This simply is not science, and it should cause no offense to a real scientist to point such fundamentals out in public. This is literally anti-science, by definition.

  • Chubbby C
    Chubbby C Hace un mes

    Am I the only one that was manly thinking of *PEACOCKS, FLAMINGOS, PELICANS, TOUCANS, AND DODO BIRDS* ?????

  • Purple Demon
    Purple Demon Hace un mes

    A feathered T-rex is even scarier to me

  • macsnafu
    macsnafu Hace 2 meses


  • San dro
    San dro Hace 2 meses

    Didn´t the flying reptiles have the same ancestors as dinosaurs? If so I would expect them to have feathers too.

  • Mylbari
    Mylbari Hace 2 meses

    seagulls are not to be appreciated!

  • KunoMochi
    KunoMochi Hace 2 meses

    One thing that always bothered me about illustrations of feathered dinosaurs is how they are almost always drawn with their arms hanging down. It seems to make more sense to have them tuck their feathered arms in the way that all current birds do, even flightless ones like emus and ostriches.

  • Valdagast
    Valdagast Hace 2 meses

    My cats hunt and eat dinosaurs. That's pretty awesome.

  • TechnoCraft
    TechnoCraft Hace 2 meses

    Where can I find a similar timeline as used in the video?

  • Shufei
    Shufei Hace 2 meses +3

    These new PBS mini shows are absolutely wonderful. I’m so glad you haven’t given up on hard science public education. Thank you!

  • Not Today
    Not Today Hace 2 meses

    I love her necklace but I’m worried that its real

  • Evert Bunschoten
    Evert Bunschoten Hace 2 meses

    Great video! learned a lot. I wonder however, how do feathers provide insulation while reptiles are cold blooded? Were these creatures transtioning from cold to warm blooded just like birds are today? If so, how did that happen?

    • Evert Bunschoten
      Evert Bunschoten Hace 2 meses

      Randall Wilks Thanks!

    • Randall Wilks
      Randall Wilks Hace 2 meses

      The fact that dinosaurs had feathers indicates they were not cold blooded. Evidence shows they had higher metabolisms than reptiles and were at least mesothermic.

  • MultiTomtom23
    MultiTomtom23 Hace 2 meses +1

    This "syno" dinosaur with the red/white tail feathers reminds me a lot of is really obvious that some of the dinosaurs used their feathers for communication... At least that's what I think =)...does someone know the name of this first language is not I struggled a little bit understanding the name...I mean I know it is Latin, but in English the pronunciation of latin words sound a bit different than in if someone could write it out for me that would be really nice...I would like to learn more about it!!!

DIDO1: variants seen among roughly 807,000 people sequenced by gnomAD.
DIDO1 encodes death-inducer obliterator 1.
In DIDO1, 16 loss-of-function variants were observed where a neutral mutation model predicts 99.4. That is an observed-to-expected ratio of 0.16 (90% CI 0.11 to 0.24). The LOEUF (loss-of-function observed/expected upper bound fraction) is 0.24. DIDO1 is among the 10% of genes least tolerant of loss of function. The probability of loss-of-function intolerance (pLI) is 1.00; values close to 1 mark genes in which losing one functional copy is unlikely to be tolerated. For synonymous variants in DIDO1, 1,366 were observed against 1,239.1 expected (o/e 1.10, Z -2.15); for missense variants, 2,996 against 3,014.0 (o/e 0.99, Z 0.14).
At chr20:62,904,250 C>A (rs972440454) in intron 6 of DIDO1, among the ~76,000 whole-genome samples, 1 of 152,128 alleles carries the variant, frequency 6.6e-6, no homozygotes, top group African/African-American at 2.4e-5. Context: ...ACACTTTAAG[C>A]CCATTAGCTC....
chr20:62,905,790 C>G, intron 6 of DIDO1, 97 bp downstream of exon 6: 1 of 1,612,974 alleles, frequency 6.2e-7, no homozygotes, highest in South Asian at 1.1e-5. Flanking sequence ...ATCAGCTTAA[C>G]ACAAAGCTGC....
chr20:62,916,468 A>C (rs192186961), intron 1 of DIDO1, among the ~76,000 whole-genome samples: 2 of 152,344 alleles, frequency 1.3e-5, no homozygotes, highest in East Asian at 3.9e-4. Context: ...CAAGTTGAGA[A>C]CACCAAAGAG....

Great video again! I love this is very informative and presented in a way that glues me to the screen every time =)

    • Robin Chesterfield
      Robin Chesterfield Hace un mes

      Ohmygod, YES, that's totally what it reminds me of! Specifically the ring-tailed lemur (for obvious reasons). Incidentally I think lemurs are the most adorable primates, which possibly part of the reason I want to hug a fluffy sinoseropteryx. :P Also the "sino" part is from the ancient name for China, where they were first found. :)

  • ChrisC
    ChrisC Hace 2 meses +2

    As soon as it was recognized that birds were descended from a clade of dinosaurs, it ought to have been immediately clear that other members of that clade, and very likely other related clades, must themselves have been feathered. Archaeopteryx has developed flight feathers. These are specialized, complex structures that cannot have arisen all at once. They must have developed from something simpler.
    This isn't usually brought out, but I very much doubt that paleontologists were all that surprised when evidence of feathers in all sorts of dinosaur clades were noticed.

  • Random Human
    Random Human Hace 2 meses

    Amazing and educational video! I showed this to my mom (because I am obsessed with dinosaurs) and showed her this so she understands more about our prehistoric fluffy friends.

  • Diana Gibbs
    Diana Gibbs Hace 2 meses

    Is it me, or does the black Coelurosaur look like Toothless from How to Train Your Dragon?

  • Simon Englund
    Simon Englund Hace 2 meses

    Best video on ESclips with the time 10:01

  • Leo Schenk
    Leo Schenk Hace 3 meses

    Why were there 4 winged birds

    • Leo Schenk
      Leo Schenk Hace 2 meses

      Randall Wilks yes, sorry, let me rephrase, I was wondering if there was a theory as to why they developed with 4 wings, not saying that they actually were birds. But I think that has been roughly answered.

    • Randall Wilks
      Randall Wilks Hace 2 meses